At first, this idea of a move to Africa strikes the viewer as just another typical example of pathological white altruism. However, this proposed move is not one based in some kind of bleeding-heart savior complex. The idea is to have an adventure, to reignite the spark of youth in what she feels is a banal life in their small village. She loves Andy but is annoyed at his refusal to apply himself to a career, as well as with his constant trips out into the country with Lance, which are often followed by nights in the pub to which she is often uninvited. For Becky, Andy seems too embedded in the local, too attached to his friends and his fields, and too content to spend his days simply and quietly.

Later in the series, an opportunity to move to Botswana arises: Andy, who has attained his degree in archaeology by the second season, has a chance to work on a dig in Botswana for a year, and Becky, a schoolteacher, could potentially work in the school near to the site which will serve the children of the archaeologists. So, rather interestingly, this is not some charitable “save the children” nonsense, but rather an attempt to make a living, even if temporarily, by pursuing their individual passions. It would have been so easy for Crook to have written this subplot as a pathetic, Bono-style crusade, but he did not. In this case, Africa is more of a stand-in for intellectual passion and the excitement of adventure – deliberate movement towards a spiritual and cerebral goal, the conquest of knowledge, a uniquely white attempt to understand the world – rather than a move towards a specific geographical location tainted with bourgeois racial equalitarian overtones. In the context of the rest of the series, this is hardly insignificant.

The second subplot of importance does not occur until the end of the series. As Andy and Becky wrestle with the desire to move to Botswana (ultimately deciding to do so), Lance continues to pursue his goal of finding rare artifacts. Towards the end of the second season, he does in fact find something of value hidden beneath the ground. He is, of course, overjoyed. The item even ends up on display in the British Museum. Lance goes to visit it (in a scene in which his small, white body is swamped by the hustle and bustle of hordes of brown people and foreign tourists), and is extremely proud that he has contributed something new to his country’s history.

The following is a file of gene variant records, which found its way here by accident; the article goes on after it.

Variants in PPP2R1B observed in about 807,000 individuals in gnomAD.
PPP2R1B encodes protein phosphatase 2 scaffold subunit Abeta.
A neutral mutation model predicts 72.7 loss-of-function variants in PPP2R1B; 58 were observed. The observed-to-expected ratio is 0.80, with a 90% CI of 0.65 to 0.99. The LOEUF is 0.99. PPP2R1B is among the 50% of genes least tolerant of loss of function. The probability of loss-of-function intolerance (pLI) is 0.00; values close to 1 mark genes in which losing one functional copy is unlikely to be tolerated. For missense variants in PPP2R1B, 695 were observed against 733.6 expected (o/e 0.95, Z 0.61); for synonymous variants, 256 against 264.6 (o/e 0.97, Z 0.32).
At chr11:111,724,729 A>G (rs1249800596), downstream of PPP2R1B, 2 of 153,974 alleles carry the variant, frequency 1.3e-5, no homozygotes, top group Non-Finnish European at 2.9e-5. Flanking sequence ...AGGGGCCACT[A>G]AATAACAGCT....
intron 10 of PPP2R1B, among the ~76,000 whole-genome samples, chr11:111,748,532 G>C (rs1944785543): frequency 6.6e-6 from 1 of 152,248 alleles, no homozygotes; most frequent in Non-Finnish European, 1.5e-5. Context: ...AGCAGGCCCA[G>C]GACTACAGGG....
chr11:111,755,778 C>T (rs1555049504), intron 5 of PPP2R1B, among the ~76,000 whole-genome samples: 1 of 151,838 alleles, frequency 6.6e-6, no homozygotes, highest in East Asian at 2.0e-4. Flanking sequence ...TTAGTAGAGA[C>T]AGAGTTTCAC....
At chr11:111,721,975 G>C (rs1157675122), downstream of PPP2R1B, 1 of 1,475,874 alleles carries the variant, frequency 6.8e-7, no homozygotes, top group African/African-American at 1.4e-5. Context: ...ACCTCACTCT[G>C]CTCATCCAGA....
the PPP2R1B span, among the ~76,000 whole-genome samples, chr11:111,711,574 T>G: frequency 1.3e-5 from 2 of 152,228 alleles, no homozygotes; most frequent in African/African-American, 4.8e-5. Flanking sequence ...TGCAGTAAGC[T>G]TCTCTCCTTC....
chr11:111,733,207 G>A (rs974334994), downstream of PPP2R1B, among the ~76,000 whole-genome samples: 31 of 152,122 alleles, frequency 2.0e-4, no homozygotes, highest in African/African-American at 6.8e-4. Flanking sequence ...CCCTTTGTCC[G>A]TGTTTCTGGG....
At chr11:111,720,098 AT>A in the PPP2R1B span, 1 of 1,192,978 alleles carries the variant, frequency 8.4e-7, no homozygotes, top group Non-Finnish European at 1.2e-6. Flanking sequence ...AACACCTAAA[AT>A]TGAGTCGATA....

He returns to Essex, however, and feels strange. He becomes disturbed by the sterility of the museum’s display case. The bit of English treasure seemed unnatural, almost sad, stuck in its “cage.” He also becomes convinced that a curse has been placed upon him by some spectral, historical entity. He finds that even his ability to find mere bits of junk while metal detecting has disappeared, and various problems occur in his personal life at an abnormal frequency. What he does to remedy the situation is rather interesting: he uses the money he receives for his find to purchase gold coins at a shop across from the British Museum, returns to Essex, and buries them in a field. After doing so, Lance is freed from the curse.

What is the message here? It is certainly an action with foundations in something more than self-interest. Lance has transformed from an eBay seller to an archaeologist: uncredentialed, but real. While it is true that he wants to remove the curse, his solution betrays the fact that he has given deep thought to its meaning. By burying the gold coins, he is acknowledging that he has a debt to his race and his community. He cannot plunder English history, cannot extract profit from the land of his ancestors without giving back at least as much as he took. He unearths and publicizes an ancestral “truth” and creates another one to take its place. On a strictly material level, Lance’s actions are anti-capitalist: he has every legal right to profit from his luck and effort, but he instead chooses to “break even” for the sake of posterity – and he feels good and proud in doing it, despite not mentioning it to anyone.

On a spiritual level, Lance’s actions are a humble tribute to his past and a sacrifice to the future, for the future. He has realized the great paradox of racial belonging: the magnitude of one’s individual contribution to the race is proportional to the degree one accepts his ultimate insignificance. What truly matters is not Lance’s personal desires, not his ego or his imagination, not his particular material goals, but to what extent these can be harnessed to serve his people. By submitting to the awesome force of history, by humbling himself before his ancient race, he has assumed a more important role in both.

Both Andy and Lance are engaged in forward movement. But, for both characters, this forward movement is rooted firmly in the past. Their futures are intertwined with history, both local and global. Theirs is an existence on a spiritually sound arc of chronology: past and present mingle, the future merges with antiquity, their individual dreams are dependent on the past actions of their forefathers, and the dreams of their forefathers are awakened and set into motion once again. Englishness and whiteness are mobilized and reoriented towards the future. Their lives are given meaning by absorption into the vastness of history. The unburied treasure, exposed to the world, is evidence of the tangibility of the historical English racial collective and is a testament to its unending vitality, its promise to future generations. Lance stays in his village, basking in the glow of the spiritual promise of the integration of the past, present, and future. Andy thrives in Botswana as an explorer, a scholastic conqueror, and a distinctly white adventurer, risking security for the sake of truth. Each moves forward on markedly different paths but are intimately connected to each other and to the history they both share.